Dining in White With PopUp Dinner Brooklyn

Matt Sulem

Dining in White With PopUp Dinner Brooklyn

June 11, 2016 was Brooklyn’s annual Dinner in White; we went to see what all the fuss was about

That's what the invitation for the "Dinner in White" event read, and immediately my fiancée and I started putting together our outfits for the outing. In association with the Prospect Park Alliance and the Chloe Wine Collection, this is PopUp Dinner Brooklyn's third annual event, with all proceeds going to the Alliance. Handmade Events, the folks behind PopUp, also operate events in San Diego, Miami, California Wine Country, the Twin Cities, San Francisco, Los Angeles, Charleston, and Dallas.

The concept is simple: Guests purchase a $40 ticket, prepare their own meals at home or purchase them from a store, and bring everything to the event along with any wine they wish to drink. The only catch? The exact location is divulged via email only two hours before the unofficial start time of 5 p.m. As soon the announcement came, some 6,000 people set out for The Nethermead — this year's "secret" location — in the middle of Prospect Park and began setting up their area with tables and chairs provided by the event. 

Those who didn't care to transport their own food and drink could opt for a VIP package for $170 (per couple) — which included a choice of two meals (chicken cacciatore or vegetarian lasagna), a few starters (including charcuterie and bruschetta), a dessert (strawberry-rhubarb crostata or a peach berry-cream tart), and a bottle of Chloe Wine — and could pick up their supplies upon arriving at the event. 

Decked out in white from head to toe (save for the black tie I insisted on wearing) and ready to go, my lady and I got our email notification and immediately starting making our way to Prospect Park. As soon we boarded the subway, the obviousness of our outfits was clear. People stared at every stop along the way, and we quickly brainstormed answers to the questions random strangers might ask regarding our unique destination: We're going to an old-timey milkman convention. We're headed to a Clorox company retreat. We're partying on P-Diddy's yacht. Or, as they should probably assume, we’re on our way to an awesome party.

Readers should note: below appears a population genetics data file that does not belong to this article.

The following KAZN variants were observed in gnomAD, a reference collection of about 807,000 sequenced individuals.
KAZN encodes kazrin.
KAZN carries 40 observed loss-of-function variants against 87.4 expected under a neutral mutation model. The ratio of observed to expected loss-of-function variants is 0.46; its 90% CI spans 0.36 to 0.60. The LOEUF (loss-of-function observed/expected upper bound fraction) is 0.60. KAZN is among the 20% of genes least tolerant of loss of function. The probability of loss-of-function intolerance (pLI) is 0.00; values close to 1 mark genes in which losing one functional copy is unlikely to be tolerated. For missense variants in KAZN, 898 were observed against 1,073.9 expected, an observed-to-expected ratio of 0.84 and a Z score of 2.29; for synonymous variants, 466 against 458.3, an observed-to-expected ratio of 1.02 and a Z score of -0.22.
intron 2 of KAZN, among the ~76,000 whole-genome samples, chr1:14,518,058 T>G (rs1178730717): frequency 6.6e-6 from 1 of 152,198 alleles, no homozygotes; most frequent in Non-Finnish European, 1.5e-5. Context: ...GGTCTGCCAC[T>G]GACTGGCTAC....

The closer we got to our destination, the more similarly dressed people we spotted. A few on the train, a large group at the park's entrance, and finally a scattered herd all converging on the open field at The Nethermead. After smoothly passing through the gate, we landed a table and the experience began. 

First there was some nice background music, then a couple speeches (including a few words from Senator Chuck Schumer), and then the live music started, which consisted mostly of hip-hop and R&B.

However, we were more interested in trying some of the offerings from Chloe Wines, who were nice enough to hook us up with as many glasses as we cared to sample. We tried the crisp and balanced prosecco, the chardonnay with refreshing hints of fruit, and the delightfully crisp pinot grigio — however, the rosé was the obvious winner amongst everyone we spoke to. In fact, it was such a big hit in the press area that they ended up sending around a server armed with a bottle in order to keep the glasses full and save us some trips to the bar. (For the record, we’re told the rosé has yet to make it to East Coast shelves, but should arrive soon.)

Of course the special treatment made the event extra special for us, but it was really a great festival for all involved — even those who opted to BYO everything. The weather was beautiful (minus a few stray raindrops), the music was poppin', and the crowd was clearly in a jovial mood as they packed the dance floor so much that it overflowed into the surrounding areas as well. 

As the sun set, bright flood lights came on to keep the party going until its 10 p.m. curfew — a cut-off that almost every guest milked down to the very last minute. As the festive crowd made their way out of The Nethermead and away from Prospect Park, it was clear to see, even with the sun long gone, that smiles were fixed to the faces of everyone who attended. And not only was it a good time, but it was all for a great cause.

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